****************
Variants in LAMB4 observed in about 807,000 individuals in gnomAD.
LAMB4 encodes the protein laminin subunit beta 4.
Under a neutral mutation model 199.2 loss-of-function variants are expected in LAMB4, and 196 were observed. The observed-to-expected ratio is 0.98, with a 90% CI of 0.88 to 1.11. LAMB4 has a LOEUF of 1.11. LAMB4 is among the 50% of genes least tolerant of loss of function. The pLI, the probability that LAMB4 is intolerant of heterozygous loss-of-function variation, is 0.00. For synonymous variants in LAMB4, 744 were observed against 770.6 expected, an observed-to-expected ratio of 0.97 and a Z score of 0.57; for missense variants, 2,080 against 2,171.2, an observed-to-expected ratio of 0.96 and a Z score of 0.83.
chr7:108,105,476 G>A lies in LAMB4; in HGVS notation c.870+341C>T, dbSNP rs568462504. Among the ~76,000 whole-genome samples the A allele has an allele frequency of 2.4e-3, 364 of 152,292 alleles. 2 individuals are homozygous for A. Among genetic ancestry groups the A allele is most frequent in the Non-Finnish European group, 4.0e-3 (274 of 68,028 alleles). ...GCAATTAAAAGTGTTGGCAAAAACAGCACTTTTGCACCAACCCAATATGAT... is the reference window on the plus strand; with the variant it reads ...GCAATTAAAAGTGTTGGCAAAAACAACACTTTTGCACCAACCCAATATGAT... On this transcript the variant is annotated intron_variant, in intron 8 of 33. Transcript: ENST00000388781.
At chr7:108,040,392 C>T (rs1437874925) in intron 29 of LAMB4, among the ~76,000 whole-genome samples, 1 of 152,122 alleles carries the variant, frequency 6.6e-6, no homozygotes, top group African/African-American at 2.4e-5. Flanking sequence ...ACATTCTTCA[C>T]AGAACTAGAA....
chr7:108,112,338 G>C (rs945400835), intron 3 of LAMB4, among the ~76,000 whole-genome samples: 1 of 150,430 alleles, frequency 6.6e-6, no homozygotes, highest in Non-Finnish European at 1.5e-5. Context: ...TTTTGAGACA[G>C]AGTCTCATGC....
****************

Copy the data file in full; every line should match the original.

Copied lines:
Variants in LAMB4 observed in about 807,000 individuals in gnomAD.
LAMB4 encodes the protein laminin subunit beta 4.
Under a neutral mutation model 199.2 loss-of-function variants are expected in LAMB4, and 196 were observed. The observed-to-expected ratio is 0.98, with a 90% CI of 0.88 to 1.11. LAMB4 has a LOEUF of 1.11. LAMB4 is among the 50% of genes least tolerant of loss of function. The pLI, the probability that LAMB4 is intolerant of heterozygous loss-of-function variation, is 0.00. For synonymous variants in LAMB4, 744 were observed against 770.6 expected, an observed-to-expected ratio of 0.97 and a Z score of 0.57; for missense variants, 2,080 against 2,171.2, an observed-to-expected ratio of 0.96 and a Z score of 0.83.
chr7:108,105,476 G>A lies in LAMB4; in HGVS notation c.870+341C>T, dbSNP rs568462504. Among the ~76,000 whole-genome samples the A allele has an allele frequency of 2.4e-3, 364 of 152,292 alleles. 2 individuals are homozygous for A. Among genetic ancestry groups the A allele is most frequent in the Non-Finnish European group, 4.0e-3 (274 of 68,028 alleles). ...GCAATTAAAAGTGTTGGCAAAAACAGCACTTTTGCACCAACCCAATATGAT... is the reference window on the plus strand; with the variant it reads ...GCAATTAAAAGTGTTGGCAAAAACAACACTTTTGCACCAACCCAATATGAT... On this transcript the variant is annotated intron_variant, in intron 8 of 33. Transcript: ENST00000388781.
At chr7:108,040,392 C>T (rs1437874925) in intron 29 of LAMB4, among the ~76,000 whole-genome samples, 1 of 152,122 alleles carries the variant, frequency 6.6e-6, no homozygotes, top group African/African-American at 2.4e-5. Flanking sequence ...ACATTCTTCA[C>T]AGAACTAGAA....
chr7:108,112,338 G>C (rs945400835), intron 3 of LAMB4, among the ~76,000 whole-genome samples: 1 of 150,430 alleles, frequency 6.6e-6, no homozygotes, highest in Non-Finnish European at 1.5e-5. Context: ...TTTTGAGACA[G>C]AGTCTCATGC....